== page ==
Likes/Dislikes about career
I guess you can imagine: it's a very exciting job! I love it, and Neurolab is a wonderful mission. There's so much state-or-the-art, innovative science on Neurolab that I think it will be the most exciting space life sciences mission ever flown. And also, of course, working with the Human Research Facility on the International Space Station. That's the science platform of the future.
I work with excellent scientists from all over the world. This is exciting! I work with the astronauts and people at the centers who have experience with space life sciences missions. The people I work with at headquarters are good to work with and they work very hard.
I travel throughout the United States and overseas. I've just returned from a trip where I met with our partners from the European Space Agency, the Japanese Space Agency, the Canadian Space Agency, Germany, France and Italy. And this is certainly a fun part of the job.
I do have to work hard and work long hours. That's not just me: that's a lot of the people in this business. Sometimes I miss being the researcher who's actually doing the exciting research. So before somebody gets into a job like this, they should be sure that they want a break from research or have finished their research career. I don't regret my decision at all, but I do miss being a researcher.
One of the negatives of the job is the uncertainty of the budget from year to year. We have to wait for Congress to give us a budget and for the budget to be worked out in the Agency. We're not always certain from year to year what our budgets will be. That makes it difficult to plan for the future. That's not just my problem: it's everybody's problem in the government who is trying to plan for the future.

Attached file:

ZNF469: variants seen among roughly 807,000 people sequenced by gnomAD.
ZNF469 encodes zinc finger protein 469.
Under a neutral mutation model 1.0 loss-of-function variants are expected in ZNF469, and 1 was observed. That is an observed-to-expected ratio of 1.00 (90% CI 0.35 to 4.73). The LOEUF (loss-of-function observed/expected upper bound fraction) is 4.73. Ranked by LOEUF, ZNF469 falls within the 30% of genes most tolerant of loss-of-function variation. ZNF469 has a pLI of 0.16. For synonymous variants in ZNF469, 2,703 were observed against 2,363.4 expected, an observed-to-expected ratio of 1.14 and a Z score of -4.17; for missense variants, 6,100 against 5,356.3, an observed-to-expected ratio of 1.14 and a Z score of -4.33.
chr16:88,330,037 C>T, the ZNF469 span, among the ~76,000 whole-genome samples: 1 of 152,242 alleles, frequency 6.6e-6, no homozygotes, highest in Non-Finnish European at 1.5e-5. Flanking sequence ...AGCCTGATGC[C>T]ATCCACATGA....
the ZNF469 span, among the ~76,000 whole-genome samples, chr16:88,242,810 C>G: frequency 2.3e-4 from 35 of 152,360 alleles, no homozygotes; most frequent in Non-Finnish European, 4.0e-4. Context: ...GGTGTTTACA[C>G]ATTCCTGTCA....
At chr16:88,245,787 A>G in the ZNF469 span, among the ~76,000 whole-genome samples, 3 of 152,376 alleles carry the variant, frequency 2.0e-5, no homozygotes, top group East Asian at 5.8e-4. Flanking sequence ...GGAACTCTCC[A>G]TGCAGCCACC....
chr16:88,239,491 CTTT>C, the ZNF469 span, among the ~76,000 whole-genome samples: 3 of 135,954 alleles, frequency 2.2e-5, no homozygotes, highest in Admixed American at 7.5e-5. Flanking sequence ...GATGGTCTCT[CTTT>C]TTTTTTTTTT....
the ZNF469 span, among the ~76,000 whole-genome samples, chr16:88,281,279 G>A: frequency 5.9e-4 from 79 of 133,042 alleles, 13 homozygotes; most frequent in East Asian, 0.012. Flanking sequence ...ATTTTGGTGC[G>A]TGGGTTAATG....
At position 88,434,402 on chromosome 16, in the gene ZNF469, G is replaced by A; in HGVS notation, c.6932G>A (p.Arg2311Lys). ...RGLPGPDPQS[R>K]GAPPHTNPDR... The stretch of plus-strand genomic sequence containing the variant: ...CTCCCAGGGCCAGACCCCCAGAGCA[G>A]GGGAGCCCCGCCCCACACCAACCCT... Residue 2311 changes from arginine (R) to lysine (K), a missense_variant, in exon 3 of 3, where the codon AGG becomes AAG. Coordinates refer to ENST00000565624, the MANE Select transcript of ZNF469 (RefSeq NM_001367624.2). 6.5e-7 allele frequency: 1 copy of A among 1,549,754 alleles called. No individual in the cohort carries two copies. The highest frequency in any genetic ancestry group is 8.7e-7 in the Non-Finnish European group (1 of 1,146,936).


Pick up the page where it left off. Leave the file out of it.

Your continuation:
Preparation for career
As a child I never thought about this kind of a job. When I was a child there wasn't a space program. It was before Sputnik, the first flight of the USSR, the first flight of Alan Shephard and John Glenn. I listened to Buck Rogers on the radio; space flight was very exciting, but the idea that it would happen in my lifetime was something that I didn't think about then. I make it sound like I'm really old, but it's amazing that science and engineering have made such strides. Also it would have been unlikely at that time that a woman would have been considered for this job, or that girls were thinking about these kinds of jobs. This is a wonderful change over the years, and I'm delighted that we now have access to these exciting jobs.